The Legend of Zelda: Skyward Sword
Review Look who it is. Just when you thought that the dust-gathering ornament you used to call a Nintendo games console was in permanent retirement, back it bounds. Why? Because there’s a new Legend of Zelda in town - a game most will have played before in one guise or another, and one that Nintendo always finds a way to freshen up.
Where Link to the Past had its world-swapping; Ocarina of Time had its... well, ocarina; Wind Waker its cell-shaded high seas; and Twilight Princess its lashings of lycanthropy, Skyward Sword's main additives are a sword with nearly, but not quite, one-to-one control and the introduction of Link as master of the skies.
Skyward Sword opens in Skyloft, situated far above an impenetrable blanket of cloud which for eons has served as barrier between those above and what lies below. Exactly what that might be is largely forgotten by the Skyloftians, a people happy to live their lives above the clouds, travelling through their sun-kissed floating world atop giant birds.
Riding a bird
Skyloft serves as a hub from which Link will eventually be granted access to the long forgotten surface. Though that’s not to say that Skyloft isn’t without its own secrets, indeed you’re free to explore the floating islands at your leisure. Its inhabitants, a mixture of the odd and downright bizarre, tasking Link with errands, so adding to the already hefty 35 hours play time as they do.
Exploring Skyloft does, however, reveal the shortcomings of the Wii’s graphical prowess.
Don't speak to a horny clown
Nintendo has gone to great lengths to disguise the fact that the Wii is a geriatric, standard definition console where possible but, creative and colourful though the gaming world is, there’s too much blurring of the horizon and low res textures on show for comfort. Indeed, you’ll find yourself wondering how amazing Zelda might appear in HD.
Next page: Underground slasher
I bought a Wii yesterday just so I could play this. No idea what I will do with the Wii once I finish it.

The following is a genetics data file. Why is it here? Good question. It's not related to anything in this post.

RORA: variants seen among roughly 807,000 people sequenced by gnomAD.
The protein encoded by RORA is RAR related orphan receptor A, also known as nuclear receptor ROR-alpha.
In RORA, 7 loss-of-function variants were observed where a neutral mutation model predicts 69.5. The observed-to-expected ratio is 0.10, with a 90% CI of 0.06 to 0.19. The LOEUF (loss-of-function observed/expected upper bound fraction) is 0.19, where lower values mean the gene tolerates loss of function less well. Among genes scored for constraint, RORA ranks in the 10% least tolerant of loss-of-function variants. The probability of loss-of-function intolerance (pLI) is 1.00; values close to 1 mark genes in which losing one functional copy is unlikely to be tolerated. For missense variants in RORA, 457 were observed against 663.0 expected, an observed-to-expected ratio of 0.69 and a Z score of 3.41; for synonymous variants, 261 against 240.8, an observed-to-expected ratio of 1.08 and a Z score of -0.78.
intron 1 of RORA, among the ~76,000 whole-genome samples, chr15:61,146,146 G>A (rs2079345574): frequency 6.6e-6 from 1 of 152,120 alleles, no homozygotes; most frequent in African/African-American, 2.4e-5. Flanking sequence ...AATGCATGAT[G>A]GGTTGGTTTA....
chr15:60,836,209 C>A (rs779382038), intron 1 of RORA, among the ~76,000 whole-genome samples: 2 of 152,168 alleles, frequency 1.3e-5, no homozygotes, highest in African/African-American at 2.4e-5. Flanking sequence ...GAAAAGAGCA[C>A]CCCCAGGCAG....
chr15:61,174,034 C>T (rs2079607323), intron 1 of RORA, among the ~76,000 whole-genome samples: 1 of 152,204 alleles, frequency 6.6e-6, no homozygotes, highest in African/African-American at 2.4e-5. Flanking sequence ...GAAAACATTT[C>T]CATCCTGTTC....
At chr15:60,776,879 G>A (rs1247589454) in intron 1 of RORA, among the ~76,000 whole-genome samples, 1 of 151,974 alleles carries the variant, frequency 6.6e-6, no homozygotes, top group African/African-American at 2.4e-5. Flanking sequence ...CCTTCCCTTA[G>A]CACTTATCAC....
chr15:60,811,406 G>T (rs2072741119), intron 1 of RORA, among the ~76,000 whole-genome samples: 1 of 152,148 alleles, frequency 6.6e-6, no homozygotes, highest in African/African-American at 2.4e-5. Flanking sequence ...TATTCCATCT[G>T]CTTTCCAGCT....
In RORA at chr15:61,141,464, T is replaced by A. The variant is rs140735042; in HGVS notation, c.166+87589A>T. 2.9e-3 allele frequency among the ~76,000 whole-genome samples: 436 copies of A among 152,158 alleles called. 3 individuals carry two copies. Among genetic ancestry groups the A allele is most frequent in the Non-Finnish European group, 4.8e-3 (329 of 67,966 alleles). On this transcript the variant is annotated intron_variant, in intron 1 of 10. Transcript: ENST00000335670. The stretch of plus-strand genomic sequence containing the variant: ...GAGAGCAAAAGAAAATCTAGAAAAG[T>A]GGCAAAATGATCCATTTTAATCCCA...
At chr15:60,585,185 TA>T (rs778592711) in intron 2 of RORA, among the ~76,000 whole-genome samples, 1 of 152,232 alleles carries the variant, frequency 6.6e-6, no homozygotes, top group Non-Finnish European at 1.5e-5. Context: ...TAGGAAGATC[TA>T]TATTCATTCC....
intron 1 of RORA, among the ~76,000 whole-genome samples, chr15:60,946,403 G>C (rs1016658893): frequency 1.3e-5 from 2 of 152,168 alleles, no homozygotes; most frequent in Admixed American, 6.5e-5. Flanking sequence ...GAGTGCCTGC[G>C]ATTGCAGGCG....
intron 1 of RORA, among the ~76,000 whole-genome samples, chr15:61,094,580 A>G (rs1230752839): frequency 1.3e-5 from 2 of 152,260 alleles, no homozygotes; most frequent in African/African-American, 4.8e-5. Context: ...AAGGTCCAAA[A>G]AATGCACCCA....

I'm 46, so the need to be considered "grown up" is not something I've contemplated for a couple of decades. The use of the phrase "grown up console" intimates that the poster has yet to get by that phase of their life.
I have been a fan of the Zelda games for a long time, but I have no fingers on my right hand and, from what I have seen, I don't think I'm going to be able to play this comfortably, if at all. The ability to fall back to a Gamecube controller would have been appreciated. I got through Twilight Princess by tying the nun chuck and the Wii remote together, just shaking the whole thing was enough to trigger the sword on screen, but it was not ideal or particularly comfortable. (I know there was a Gamecube version available, but it would have been nice to have the option to use the Gamecube controller in the Wii version too).
I was annoyed even further by the fact that I emailed Nintendo to ask if there were any other control schemes that would better suit me (I stated clearly my issue was that I cannot hold the nun chuck and the Wii remote at the same time) and I (eventually) got a copied and pasted response about how Wii Motion Plus was more accurate than the Wii Controller alone, and suggesting I try Wii Sports Resort to get a feel for how it works...
I'm disappointed and I won't be buying it.
I hope to god...
... that Skyward Sword doesn't plumb the depths of fucking-awfulness that FF13 dropped 40 hours of my time into
My sprogs still love the Wii and play stuff like Lego Stars wars all the time. I'm more of a Donkey Kong Country/Mario Galaxy returns sort of chap.
All games that put game play and fun above mindbending graphics, and are all the better for it.
Still, the next gen Wii should be something else if they can produce games as good as these but in high def, and better accuracy controllers.